Thursday, February 29, 2024

Kenyan tycoons whose multi-billion businesses collapsed and why they failed

Kenya is known as one of the most enterprising countries in Africa.

Over the years, the country has produced numerous successful business tycoons, who have built large empires from humble beginnings.

Unfortunately, some of these business empires have collapsed due to various reasons such as lack of succession planning, internal fraud, fierce competition, and boardroom wrangles, among others.

This article highlights some of the most prominent Kenyan business tycoons whose empires collapsed.

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Njenga Karume

Njenga Karume was a former cabinet minister and a successful entrepreneur who built a business empire from a small business selling stationery that he started in elementary school.

He went on to build 25 businesses, which included ventures in real estate and hospitality, as well as stakes in 46 other companies. Karume’s estate was estimated to be worth Sh 40 billion, and he instructed his children to triple the size of his estate within five years of his death.

Unfortunately, his estate has decreased in size and value due to ongoing court battles for its control seven years after his death in 2012.

Despite the formation of the Njenga Karume Trust, the lack of succession planning in 24% of the businesses has led to collapses after the deaths of their founders.

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Karume’s estate has been the subject of multiple court battles between trustees and family members, which has slowed decision-making, caused losses, defaults on loans, and resulted in tax arrears.

Joram Kamau

Joram Kamau was the founder of Tuskys, one of the largest supermarket chains in the Great Lakes Area. At its peak, the supermarket chain employed over 6,000 people in Kenya and 150 in Uganda.

However, the business collapsed two decades after Kamau’s death due to various reasons such as sibling rivalry, internal fraud, aggressive debt-fuelled expansion, and fierce competition.

By August 2020, the business had accumulated debt worth Sh 6.2 billion owed to suppliers and creditors.

Despite entering a Sh 2 billion agreement with a Mauritius firm to ward off financial constraints, the closure of its last branch in Nakuru proved to be the last nail on its coffin.

Atul Shah

Atul Shah was the founder of Nakumatt, one of the most profitable supermarket chains in Kenya with gross annual revenue in excess of Sh 48.5 billion.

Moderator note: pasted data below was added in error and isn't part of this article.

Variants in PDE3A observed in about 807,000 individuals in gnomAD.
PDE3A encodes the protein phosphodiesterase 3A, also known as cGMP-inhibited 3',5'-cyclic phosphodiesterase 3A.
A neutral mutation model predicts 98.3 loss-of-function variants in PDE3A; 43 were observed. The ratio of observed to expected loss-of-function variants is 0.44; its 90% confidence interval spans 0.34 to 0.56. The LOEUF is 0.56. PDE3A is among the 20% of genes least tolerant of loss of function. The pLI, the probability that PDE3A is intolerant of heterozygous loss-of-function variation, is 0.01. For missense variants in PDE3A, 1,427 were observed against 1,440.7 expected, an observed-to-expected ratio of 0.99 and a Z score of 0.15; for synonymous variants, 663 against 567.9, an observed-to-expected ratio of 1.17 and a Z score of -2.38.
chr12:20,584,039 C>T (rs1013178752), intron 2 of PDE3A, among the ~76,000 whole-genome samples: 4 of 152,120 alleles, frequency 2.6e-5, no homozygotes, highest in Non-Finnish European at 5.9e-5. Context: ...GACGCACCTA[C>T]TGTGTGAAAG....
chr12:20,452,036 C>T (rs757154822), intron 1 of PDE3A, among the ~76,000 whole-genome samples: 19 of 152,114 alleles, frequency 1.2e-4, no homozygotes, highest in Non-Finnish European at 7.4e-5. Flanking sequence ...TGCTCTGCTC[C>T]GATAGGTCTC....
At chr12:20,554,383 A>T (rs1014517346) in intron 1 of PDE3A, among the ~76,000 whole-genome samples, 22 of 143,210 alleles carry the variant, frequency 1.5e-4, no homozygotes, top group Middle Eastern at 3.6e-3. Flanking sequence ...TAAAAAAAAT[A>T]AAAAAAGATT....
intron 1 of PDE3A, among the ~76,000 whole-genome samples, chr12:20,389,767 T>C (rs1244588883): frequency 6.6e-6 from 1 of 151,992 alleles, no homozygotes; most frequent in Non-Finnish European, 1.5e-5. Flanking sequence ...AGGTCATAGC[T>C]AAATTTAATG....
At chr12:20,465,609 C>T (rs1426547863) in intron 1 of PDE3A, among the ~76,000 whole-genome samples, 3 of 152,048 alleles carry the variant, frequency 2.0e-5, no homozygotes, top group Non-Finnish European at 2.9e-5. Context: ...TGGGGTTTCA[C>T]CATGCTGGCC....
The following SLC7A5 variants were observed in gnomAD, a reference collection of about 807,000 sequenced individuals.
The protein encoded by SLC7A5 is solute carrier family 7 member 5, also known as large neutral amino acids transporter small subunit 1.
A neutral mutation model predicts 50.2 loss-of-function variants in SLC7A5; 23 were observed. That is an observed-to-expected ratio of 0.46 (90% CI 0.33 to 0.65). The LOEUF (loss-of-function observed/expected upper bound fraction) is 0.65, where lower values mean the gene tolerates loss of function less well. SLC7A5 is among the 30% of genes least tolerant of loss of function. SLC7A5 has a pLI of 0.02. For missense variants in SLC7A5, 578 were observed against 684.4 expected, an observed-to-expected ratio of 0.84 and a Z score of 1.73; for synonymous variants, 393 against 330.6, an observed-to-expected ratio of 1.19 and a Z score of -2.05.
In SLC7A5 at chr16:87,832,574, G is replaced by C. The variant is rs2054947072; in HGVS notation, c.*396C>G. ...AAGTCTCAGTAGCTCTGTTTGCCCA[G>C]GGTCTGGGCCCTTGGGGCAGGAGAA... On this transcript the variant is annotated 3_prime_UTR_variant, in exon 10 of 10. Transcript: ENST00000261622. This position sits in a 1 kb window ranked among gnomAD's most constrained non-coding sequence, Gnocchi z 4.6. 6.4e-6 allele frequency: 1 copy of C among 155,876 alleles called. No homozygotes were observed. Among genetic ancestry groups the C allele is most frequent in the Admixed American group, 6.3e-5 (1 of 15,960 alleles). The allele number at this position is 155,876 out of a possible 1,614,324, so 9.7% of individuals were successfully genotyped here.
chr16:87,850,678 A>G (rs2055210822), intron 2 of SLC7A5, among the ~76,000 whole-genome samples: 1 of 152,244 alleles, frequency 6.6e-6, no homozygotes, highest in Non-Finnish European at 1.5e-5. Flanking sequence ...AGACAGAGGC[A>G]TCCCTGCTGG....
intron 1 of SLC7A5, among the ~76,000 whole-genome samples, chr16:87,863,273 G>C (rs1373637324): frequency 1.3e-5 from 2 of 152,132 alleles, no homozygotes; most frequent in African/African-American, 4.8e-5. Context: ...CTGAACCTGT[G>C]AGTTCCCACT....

The business had 65 stores in the African Great Lakes countries of Kenya, Uganda, Rwanda, and Tanzania with over 5,500 employees.

However, Nakumatt began experiencing serious cash-flow issues in 2016. It was unable to meet its financial obligations to landlords, suppliers, and staff. An administrator was appointed to help it regain financial footing.

However, in December 2019, the retail chain sold the last six branches to Naivas Supermarkets in a deal that saw its brand disappear. In June 2018, a damning audit report revealed Sh 18 billion disappeared under ex-boss Atul Shah’s watch.

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The creditors in the case included DTB, which was reportedly owed Sh 3.6 billion, Kenya Commercial Bank (KCB) owed Sh 1.7 billion, and StanChart Sh 805 million.

The retailer also owed Bank of Africa Sh 328.4 million, United Bank of Africa Sh 126.2 million, and GT Bank Sh 104.8 million.

Creditors formally voted to liquidate the company on January 7, 2020.

Sherali Hassanali

Sherali Hassanali Nathoo’s Akamba Bus Company was once a thriving business with a network spanning over 50 destinations.

Nathoo founded the company from humble beginnings in Machakos county and successfully built it from scratch to become the dominant player in the transport industry.

However, after Nathoo’s passing in September 2000, his sons Moez and Karim took over the company but failed to replicate their father’s success.

Boardroom wrangles, family disputes, escalating fuel prices, and recession led to the company’s collapse in 2012. The company’s financial health was on its knees, and wrangles began at the board level, leading to physical brawls.

The company could not pay employees, and almost half of the fleet was grounded due to scarcity of spares.

In December 2010, it was clear that the company was going under, with bookings low and passengers often stranded due to frequent bus breakdowns.

The company’s problems escalated to fuel shortages, defaults on payments to suppliers, and terminated contracts with oil firms, leading to auctioneers selling off company properties in 2011.


Spencon was a prominent construction company with a long-standing legacy in East Africa. Founded by Jitendra Patel in 1979, the company had operations in multiple countries including Kenya, Tanzania, Uganda, India, Zambia, Malawi, Mozambique, and Southern Sudan.

At its peak, Spencon boasted a massive workforce of 5,000 employees, a testament to its widespread success.

However, the company’s fortunes began to decline after Emerging Capital Partners (ECP) invested Sh 1.5 billion in 2009 and acquired a 37.4% stake.

Despite efforts to save the company, including the appointment of Andrew Ross to lead a turnaround effort, Spencon eventually succumbed to financial difficulties and collapsed in 2016.

The demise of Spencon resulted in the loss of hundreds of jobs and was a blow to the construction industry in East Africa.

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